The Making of: Taksim Belongs
to Pedestrians

Moderator Hans Venhuizen

Salt Beyoğlu

October 1, 2011 14.00

At the “2023 Vision of Turkey” meeting held June 1, 2011, Prime Minister of the Turkish Republic Recep Tayyip Erdoğan announced a project for the pedestrianization of Taksim Square. Presented with a set of accompanying visuals, the project outlined the transfer of roads around Taksim Square below ground, the removal of public transportation stops, and the designation of the area between the Atatürk Cultural Center (AKM) and the entrance of İstiklal Avenue as a pedestrian zone. The project description also included the rebuilding of the Taksim Artillery Barracks on the current site of Gezi Park, where the barracks were once located. In September 2011, another step in the development of the Taksim Square Pedestrianization Project was taken, as the İstanbul Metropolitan Municipal Council reached a consensus for “the modification of the 1/5000-scale reconstruction plan for the protection and modification of the tentative 1/1000-scale protection plan”.

During the days of the Ottoman Empire, Taksim Square was an undefined, empty space at the end of İstiklal Avenue. After the establishment of the Turkish Republic in 1923, the area was gradually developed, eventually becoming one of the city’s best-known spots. With the exception of the large reservoir built during the 18th century, from which all of İstanbul’s water was once accumulated, the structures that today define Taksim Square date from the 20th century. Among the most important built during the Republican period are the Monument of the Republic erected in 1928; Gezi Park, which replaced the Artillery Barracks in 1940; and AKM, originally opened as the İstanbul Palace of Culture in 1969. After a fire in 1970, the building was repaired and renovated, and served the public as AKM from 1978 to 2008. The symbolic value assigned to Taksim Square by Turkey throughout the Republican era has made it the center of political gatherings at a nation-wide scale, as well as a destination for processions and parades. After 36 people were killed in a panic caused by the firing of guns at May 1st celebrations in 1977, however, Taksim Square was closed to Labor Day gatherings until 2010.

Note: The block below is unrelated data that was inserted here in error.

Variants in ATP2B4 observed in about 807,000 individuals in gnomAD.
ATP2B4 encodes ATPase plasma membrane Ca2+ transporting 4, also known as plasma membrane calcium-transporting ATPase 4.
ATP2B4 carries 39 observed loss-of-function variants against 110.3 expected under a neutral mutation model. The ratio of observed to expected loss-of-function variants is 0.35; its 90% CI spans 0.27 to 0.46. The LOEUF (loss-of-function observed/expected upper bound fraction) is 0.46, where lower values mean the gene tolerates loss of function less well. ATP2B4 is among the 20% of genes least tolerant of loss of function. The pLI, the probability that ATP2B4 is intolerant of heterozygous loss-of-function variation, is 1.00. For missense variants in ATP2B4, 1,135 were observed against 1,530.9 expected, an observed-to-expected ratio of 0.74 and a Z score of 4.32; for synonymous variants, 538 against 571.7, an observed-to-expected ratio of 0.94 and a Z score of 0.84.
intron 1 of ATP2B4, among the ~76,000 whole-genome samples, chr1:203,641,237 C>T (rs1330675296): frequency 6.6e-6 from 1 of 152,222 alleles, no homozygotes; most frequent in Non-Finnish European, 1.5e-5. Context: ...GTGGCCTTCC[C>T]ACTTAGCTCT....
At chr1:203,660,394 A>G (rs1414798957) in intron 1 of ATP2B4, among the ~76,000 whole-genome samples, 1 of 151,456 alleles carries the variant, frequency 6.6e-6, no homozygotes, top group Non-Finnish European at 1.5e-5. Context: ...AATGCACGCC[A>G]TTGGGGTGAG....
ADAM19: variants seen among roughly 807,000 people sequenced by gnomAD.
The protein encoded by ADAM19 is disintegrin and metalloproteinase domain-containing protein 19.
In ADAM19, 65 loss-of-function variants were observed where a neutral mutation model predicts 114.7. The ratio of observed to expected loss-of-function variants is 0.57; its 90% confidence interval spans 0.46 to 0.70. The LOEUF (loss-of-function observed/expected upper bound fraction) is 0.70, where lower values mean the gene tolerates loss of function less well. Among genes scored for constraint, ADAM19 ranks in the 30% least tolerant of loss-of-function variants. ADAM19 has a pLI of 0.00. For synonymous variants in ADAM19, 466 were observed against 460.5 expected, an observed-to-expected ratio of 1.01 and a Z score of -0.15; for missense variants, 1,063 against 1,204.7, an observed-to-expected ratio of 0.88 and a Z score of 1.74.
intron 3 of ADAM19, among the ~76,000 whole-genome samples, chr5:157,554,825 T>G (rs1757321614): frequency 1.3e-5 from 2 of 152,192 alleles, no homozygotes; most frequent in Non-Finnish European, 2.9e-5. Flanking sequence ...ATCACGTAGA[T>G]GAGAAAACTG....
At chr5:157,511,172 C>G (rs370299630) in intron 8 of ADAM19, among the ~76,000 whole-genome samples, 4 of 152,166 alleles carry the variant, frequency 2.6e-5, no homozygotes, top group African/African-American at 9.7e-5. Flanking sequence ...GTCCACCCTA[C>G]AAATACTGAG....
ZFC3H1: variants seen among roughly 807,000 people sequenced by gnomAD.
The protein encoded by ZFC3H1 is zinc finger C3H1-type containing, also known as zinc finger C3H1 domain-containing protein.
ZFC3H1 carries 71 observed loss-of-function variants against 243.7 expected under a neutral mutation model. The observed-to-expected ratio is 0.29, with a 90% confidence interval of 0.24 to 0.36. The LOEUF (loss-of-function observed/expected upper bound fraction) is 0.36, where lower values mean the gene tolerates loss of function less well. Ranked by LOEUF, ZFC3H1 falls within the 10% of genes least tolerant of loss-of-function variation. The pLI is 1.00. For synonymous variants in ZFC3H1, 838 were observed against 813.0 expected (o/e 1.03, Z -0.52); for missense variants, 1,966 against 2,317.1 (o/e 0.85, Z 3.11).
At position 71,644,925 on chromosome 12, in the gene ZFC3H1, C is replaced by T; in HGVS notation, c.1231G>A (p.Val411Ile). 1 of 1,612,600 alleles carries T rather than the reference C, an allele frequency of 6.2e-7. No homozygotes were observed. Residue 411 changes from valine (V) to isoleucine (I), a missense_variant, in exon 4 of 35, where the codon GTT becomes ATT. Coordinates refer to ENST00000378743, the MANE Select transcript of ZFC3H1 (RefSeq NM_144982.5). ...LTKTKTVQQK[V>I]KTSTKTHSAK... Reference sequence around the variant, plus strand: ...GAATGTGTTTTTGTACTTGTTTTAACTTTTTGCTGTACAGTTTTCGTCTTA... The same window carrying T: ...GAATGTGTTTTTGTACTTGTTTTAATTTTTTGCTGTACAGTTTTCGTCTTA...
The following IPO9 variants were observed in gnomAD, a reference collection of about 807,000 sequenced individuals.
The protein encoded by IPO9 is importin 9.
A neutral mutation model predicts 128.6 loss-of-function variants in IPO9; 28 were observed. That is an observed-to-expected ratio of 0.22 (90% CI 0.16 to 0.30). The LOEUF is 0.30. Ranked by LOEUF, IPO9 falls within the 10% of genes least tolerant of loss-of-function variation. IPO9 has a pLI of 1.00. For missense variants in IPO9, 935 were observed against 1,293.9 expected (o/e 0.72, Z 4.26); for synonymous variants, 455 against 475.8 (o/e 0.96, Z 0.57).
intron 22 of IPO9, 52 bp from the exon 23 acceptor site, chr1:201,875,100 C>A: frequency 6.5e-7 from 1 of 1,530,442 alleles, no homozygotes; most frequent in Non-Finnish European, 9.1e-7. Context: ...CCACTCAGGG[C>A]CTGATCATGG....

An intersection of public transportation including a subway system, buses and dolmuş [mini-buses], Taksim plays a crucial role in the daily life of İstanbul. Young people regularly meet in front of AKM to catch their school buses, or gather for a variety of activities around İstiklal Avenue. It is quite common for İstanbulites to happen upon a festival organized by the Municipality of İstanbul, or to encounter cheering vendors selling goods for Galatasaray and Beşiktaş, two of the city’s most popular soccer teams. Open-air stages at the entrance of Gezi Park host public concerts around holidays and New Year’s Eve, and during international sporting events, it is customary to install huge screens between the reservoir and the Monument of the Republic.

Besides diverting transportation underground and replacing greenery with an old building, what other solutions can be offered to reorganize the heavy flow of people and traffic in Taksim Square?

This workshop will be held in English. The page for the workshop in Turkish on November 12, 2011 can be viewed here.

You can register to the workshop by emailing your contact information to
Taksim Belongs to Pedestrians